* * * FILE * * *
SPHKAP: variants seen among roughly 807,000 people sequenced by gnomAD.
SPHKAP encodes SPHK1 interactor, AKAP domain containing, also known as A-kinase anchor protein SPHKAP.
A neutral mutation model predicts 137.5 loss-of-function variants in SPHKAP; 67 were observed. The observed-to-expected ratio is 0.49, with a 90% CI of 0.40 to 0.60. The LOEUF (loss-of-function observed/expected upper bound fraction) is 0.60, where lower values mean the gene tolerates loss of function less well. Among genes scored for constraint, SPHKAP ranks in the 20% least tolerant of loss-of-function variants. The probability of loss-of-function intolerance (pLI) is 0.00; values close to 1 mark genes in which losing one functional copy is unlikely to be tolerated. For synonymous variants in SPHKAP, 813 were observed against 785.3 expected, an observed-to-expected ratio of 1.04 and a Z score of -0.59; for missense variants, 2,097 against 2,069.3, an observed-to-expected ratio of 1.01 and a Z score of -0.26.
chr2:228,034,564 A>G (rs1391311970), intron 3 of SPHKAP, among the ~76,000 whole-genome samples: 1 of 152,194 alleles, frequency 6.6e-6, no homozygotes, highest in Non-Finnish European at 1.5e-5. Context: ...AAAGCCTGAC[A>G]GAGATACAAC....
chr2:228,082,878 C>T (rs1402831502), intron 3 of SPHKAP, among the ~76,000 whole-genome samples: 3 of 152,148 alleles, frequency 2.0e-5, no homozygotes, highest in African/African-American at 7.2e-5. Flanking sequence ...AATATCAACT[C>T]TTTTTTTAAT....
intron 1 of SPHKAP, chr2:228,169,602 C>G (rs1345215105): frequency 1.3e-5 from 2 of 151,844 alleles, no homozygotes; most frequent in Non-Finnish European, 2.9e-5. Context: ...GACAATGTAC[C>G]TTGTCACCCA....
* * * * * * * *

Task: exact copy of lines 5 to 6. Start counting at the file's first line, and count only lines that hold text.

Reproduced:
chr2:228,082,878 C>T (rs1402831502), intron 3 of SPHKAP, among the ~76,000 whole-genome samples: 3 of 152,148 alleles, frequency 2.0e-5, no homozygotes, highest in African/African-American at 7.2e-5. Flanking sequence ...AATATCAACT[C>T]TTTTTTTAAT....
intron 1 of SPHKAP, chr2:228,169,602 C>G (rs1345215105): frequency 1.3e-5 from 2 of 151,844 alleles, no homozygotes; most frequent in Non-Finnish European, 2.9e-5. Context: ...GACAATGTAC[C>G]TTGTCACCCA....